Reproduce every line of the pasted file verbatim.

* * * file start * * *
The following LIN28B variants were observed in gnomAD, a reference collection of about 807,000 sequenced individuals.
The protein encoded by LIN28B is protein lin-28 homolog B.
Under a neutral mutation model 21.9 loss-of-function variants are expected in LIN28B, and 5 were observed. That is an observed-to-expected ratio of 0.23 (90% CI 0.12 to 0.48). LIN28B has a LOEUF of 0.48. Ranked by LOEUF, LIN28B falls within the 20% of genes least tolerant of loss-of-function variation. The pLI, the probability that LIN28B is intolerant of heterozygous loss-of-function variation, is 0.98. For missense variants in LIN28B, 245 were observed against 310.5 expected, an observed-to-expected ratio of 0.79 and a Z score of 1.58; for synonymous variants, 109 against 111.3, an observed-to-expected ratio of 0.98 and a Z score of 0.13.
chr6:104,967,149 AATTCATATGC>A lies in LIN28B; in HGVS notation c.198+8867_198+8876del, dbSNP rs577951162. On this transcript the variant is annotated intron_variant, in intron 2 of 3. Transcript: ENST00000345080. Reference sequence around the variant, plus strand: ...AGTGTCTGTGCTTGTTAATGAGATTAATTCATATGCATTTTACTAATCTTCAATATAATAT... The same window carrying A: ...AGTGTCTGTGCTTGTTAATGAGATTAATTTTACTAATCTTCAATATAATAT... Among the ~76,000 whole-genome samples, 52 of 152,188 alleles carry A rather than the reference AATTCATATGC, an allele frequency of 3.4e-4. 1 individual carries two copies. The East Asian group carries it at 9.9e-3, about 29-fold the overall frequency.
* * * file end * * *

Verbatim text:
The following LIN28B variants were observed in gnomAD, a reference collection of about 807,000 sequenced individuals.
The protein encoded by LIN28B is protein lin-28 homolog B.
Under a neutral mutation model 21.9 loss-of-function variants are expected in LIN28B, and 5 were observed. That is an observed-to-expected ratio of 0.23 (90% CI 0.12 to 0.48). LIN28B has a LOEUF of 0.48. Ranked by LOEUF, LIN28B falls within the 20% of genes least tolerant of loss-of-function variation. The pLI, the probability that LIN28B is intolerant of heterozygous loss-of-function variation, is 0.98. For missense variants in LIN28B, 245 were observed against 310.5 expected, an observed-to-expected ratio of 0.79 and a Z score of 1.58; for synonymous variants, 109 against 111.3, an observed-to-expected ratio of 0.98 and a Z score of 0.13.
chr6:104,967,149 AATTCATATGC>A lies in LIN28B; in HGVS notation c.198+8867_198+8876del, dbSNP rs577951162. On this transcript the variant is annotated intron_variant, in intron 2 of 3. Transcript: ENST00000345080. Reference sequence around the variant, plus strand: ...AGTGTCTGTGCTTGTTAATGAGATTAATTCATATGCATTTTACTAATCTTCAATATAATAT... The same window carrying A: ...AGTGTCTGTGCTTGTTAATGAGATTAATTTTACTAATCTTCAATATAATAT... Among the ~76,000 whole-genome samples, 52 of 152,188 alleles carry A rather than the reference AATTCATATGC, an allele frequency of 3.4e-4. 1 individual carries two copies. The East Asian group carries it at 9.9e-3, about 29-fold the overall frequency.